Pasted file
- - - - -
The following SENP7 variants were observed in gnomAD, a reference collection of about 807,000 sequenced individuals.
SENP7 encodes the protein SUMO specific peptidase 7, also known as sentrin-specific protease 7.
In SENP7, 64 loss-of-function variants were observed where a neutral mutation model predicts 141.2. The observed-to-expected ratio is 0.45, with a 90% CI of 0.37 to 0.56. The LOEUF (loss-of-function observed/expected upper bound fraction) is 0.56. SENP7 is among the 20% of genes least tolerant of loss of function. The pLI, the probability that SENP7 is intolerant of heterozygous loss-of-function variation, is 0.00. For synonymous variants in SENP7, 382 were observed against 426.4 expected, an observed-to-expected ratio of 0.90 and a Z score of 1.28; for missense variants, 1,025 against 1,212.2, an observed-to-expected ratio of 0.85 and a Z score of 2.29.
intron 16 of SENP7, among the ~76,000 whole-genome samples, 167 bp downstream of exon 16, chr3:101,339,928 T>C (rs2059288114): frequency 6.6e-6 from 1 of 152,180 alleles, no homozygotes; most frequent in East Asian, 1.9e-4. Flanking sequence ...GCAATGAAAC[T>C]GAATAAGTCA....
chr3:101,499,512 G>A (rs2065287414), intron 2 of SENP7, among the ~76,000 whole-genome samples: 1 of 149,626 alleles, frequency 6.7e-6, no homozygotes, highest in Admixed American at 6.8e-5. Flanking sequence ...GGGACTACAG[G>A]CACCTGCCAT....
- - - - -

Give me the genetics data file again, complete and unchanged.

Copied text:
The following SENP7 variants were observed in gnomAD, a reference collection of about 807,000 sequenced individuals.
SENP7 encodes the protein SUMO specific peptidase 7, also known as sentrin-specific protease 7.
In SENP7, 64 loss-of-function variants were observed where a neutral mutation model predicts 141.2. The observed-to-expected ratio is 0.45, with a 90% CI of 0.37 to 0.56. The LOEUF (loss-of-function observed/expected upper bound fraction) is 0.56. SENP7 is among the 20% of genes least tolerant of loss of function. The pLI, the probability that SENP7 is intolerant of heterozygous loss-of-function variation, is 0.00. For synonymous variants in SENP7, 382 were observed against 426.4 expected, an observed-to-expected ratio of 0.90 and a Z score of 1.28; for missense variants, 1,025 against 1,212.2, an observed-to-expected ratio of 0.85 and a Z score of 2.29.
intron 16 of SENP7, among the ~76,000 whole-genome samples, 167 bp downstream of exon 16, chr3:101,339,928 T>C (rs2059288114): frequency 6.6e-6 from 1 of 152,180 alleles, no homozygotes; most frequent in East Asian, 1.9e-4. Flanking sequence ...GCAATGAAAC[T>C]GAATAAGTCA....
chr3:101,499,512 G>A (rs2065287414), intron 2 of SENP7, among the ~76,000 whole-genome samples: 1 of 149,626 alleles, frequency 6.7e-6, no homozygotes, highest in Admixed American at 6.8e-5. Flanking sequence ...GGGACTACAG[G>A]CACCTGCCAT....